“Vanessa and I recorded it during the summer,” Caldwell remembers.  “It was like 101 degrees in New York City.  We chilled it down in the studio until we were blowing frost, and it came out fairly nice, I think.  We tried to bring it up to date, while still having some camaraderie with each other.”

“There’s not enough great things I can say about that gal,” Caldwell says of Williams.  “She’s a lovely, engaging person and we have a chemistry, and I think it’s pretty evident on the recording.”

The legendary Vanessa Williams shares Caldwell’s fond memories of recording the duet. 

“I’m so happy that ‘Baby It’s Cold Outside’ still gets airplay today,” Williams says.  “Fans continue to play it throughout the year!  A friend of mine, a fantastic trumpet player named Jeff Kievit, introduced me to Bobby, who was the perfect fit for the duet.  It was wonderful working with Bobby — he’s a true class act.”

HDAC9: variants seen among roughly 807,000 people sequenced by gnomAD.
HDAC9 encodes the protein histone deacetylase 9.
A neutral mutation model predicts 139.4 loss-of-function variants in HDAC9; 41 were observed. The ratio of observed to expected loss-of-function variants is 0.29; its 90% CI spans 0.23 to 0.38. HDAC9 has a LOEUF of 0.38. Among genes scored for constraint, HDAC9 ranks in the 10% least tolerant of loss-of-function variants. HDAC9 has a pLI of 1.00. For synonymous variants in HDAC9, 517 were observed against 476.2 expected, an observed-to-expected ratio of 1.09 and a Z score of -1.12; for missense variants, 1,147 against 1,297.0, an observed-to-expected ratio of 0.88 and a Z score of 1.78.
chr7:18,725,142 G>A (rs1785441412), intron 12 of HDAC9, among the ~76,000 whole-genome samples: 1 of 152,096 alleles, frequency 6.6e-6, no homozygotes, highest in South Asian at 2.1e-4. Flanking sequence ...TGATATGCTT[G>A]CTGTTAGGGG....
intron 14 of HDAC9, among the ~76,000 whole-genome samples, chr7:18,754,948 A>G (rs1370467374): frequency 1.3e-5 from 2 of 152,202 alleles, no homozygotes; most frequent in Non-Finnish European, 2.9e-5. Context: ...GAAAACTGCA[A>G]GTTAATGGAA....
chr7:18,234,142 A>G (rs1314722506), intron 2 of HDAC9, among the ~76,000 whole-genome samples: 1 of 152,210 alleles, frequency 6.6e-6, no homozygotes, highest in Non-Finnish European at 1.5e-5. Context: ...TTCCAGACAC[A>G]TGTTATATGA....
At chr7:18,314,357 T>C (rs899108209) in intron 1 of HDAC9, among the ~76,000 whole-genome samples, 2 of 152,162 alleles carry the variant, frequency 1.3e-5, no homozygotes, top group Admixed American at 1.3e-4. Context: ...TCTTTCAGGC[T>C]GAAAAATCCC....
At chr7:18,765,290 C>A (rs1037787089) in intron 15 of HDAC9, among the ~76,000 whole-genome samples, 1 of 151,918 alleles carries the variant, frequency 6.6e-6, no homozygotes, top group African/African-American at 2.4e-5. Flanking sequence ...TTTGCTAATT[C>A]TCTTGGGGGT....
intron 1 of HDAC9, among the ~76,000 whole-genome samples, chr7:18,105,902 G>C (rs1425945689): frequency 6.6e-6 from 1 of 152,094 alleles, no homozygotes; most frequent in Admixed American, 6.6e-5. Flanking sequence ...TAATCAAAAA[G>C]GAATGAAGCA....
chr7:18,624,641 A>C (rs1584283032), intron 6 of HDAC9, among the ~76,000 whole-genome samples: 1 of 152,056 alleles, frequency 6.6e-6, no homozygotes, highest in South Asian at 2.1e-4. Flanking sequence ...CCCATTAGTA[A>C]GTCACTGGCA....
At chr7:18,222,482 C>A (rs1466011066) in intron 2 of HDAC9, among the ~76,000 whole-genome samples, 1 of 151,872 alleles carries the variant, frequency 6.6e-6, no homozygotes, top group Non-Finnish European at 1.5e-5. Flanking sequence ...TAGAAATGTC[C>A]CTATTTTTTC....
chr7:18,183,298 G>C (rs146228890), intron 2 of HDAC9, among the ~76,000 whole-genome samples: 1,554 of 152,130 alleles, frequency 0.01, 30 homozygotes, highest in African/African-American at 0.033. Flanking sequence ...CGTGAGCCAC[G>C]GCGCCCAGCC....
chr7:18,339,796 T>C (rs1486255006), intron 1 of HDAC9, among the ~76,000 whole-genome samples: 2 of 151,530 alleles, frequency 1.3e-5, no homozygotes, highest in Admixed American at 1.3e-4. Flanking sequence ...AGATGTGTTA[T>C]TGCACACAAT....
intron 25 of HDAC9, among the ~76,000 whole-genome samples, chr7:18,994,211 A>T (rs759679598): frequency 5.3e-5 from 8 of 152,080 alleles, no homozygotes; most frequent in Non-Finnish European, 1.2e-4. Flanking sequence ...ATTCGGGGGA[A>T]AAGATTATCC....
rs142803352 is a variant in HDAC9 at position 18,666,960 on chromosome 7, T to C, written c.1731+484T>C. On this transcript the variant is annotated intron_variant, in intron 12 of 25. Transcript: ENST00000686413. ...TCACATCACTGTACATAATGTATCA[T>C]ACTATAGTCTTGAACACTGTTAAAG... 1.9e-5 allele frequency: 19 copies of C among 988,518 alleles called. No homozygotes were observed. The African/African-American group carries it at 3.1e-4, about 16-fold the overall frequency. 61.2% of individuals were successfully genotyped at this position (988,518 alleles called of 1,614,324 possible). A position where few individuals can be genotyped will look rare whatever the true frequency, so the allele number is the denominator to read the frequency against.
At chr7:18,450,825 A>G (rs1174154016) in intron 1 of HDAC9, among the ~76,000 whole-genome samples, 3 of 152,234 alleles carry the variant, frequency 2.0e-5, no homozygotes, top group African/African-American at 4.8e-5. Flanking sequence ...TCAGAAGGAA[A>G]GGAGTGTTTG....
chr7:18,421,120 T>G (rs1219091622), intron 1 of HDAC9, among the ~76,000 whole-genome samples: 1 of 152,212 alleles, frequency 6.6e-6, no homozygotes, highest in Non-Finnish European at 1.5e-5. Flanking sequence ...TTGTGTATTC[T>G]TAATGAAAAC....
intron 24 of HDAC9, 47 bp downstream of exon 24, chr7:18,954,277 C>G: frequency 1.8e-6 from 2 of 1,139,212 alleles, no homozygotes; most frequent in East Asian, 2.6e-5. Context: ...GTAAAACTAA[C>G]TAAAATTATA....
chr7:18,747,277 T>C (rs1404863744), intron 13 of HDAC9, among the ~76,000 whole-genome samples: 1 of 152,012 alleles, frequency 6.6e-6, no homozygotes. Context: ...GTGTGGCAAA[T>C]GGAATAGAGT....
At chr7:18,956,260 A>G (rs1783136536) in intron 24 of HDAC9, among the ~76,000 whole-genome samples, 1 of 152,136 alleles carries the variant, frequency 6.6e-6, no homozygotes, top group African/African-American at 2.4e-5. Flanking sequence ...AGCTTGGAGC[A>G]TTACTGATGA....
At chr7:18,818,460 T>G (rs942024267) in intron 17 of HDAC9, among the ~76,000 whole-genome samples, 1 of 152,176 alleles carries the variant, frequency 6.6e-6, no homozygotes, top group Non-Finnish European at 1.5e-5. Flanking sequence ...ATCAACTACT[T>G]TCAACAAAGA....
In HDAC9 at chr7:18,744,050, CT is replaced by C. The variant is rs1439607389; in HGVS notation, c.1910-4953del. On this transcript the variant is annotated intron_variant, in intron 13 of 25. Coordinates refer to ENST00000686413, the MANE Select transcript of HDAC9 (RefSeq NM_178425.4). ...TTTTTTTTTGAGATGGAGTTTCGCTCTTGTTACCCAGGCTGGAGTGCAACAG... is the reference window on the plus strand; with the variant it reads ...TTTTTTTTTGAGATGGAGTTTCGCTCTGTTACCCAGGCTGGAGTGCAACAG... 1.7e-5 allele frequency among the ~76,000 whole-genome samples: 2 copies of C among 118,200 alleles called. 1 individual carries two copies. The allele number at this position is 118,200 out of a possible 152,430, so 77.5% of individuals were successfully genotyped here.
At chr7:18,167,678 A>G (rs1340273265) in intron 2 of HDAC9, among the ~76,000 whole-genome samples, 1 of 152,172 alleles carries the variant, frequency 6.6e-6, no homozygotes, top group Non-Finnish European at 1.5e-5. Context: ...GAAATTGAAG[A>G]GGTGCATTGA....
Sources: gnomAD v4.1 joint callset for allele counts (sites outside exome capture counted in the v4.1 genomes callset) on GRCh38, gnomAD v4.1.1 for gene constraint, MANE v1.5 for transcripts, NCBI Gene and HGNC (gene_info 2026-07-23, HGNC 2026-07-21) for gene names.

After you treat yourself to a listen to Caldwell and Williams’ version of the Christmas classic, you’ll wonder why Caldwell never released a full-length Christmas project.  With a voice like his, and the right production, we would have had a Nat “King” Cole-quality album to enjoy. 

“I’m a purist,” Caldwell reflects.  “My idea of a Christmas album is not ‘Bobby’s Funky Christmas.’  I’d want a full orchestra behind me, and the opportunity to do that just hasn’t presented itself.”

One opportunity that has presented itself to Caldwell is the chance to head back into the studio and record a contemporary project, last year’s exceptional Cool Uncle.  But it didn’t exactly drop in his lap:  Caldwell made it happen.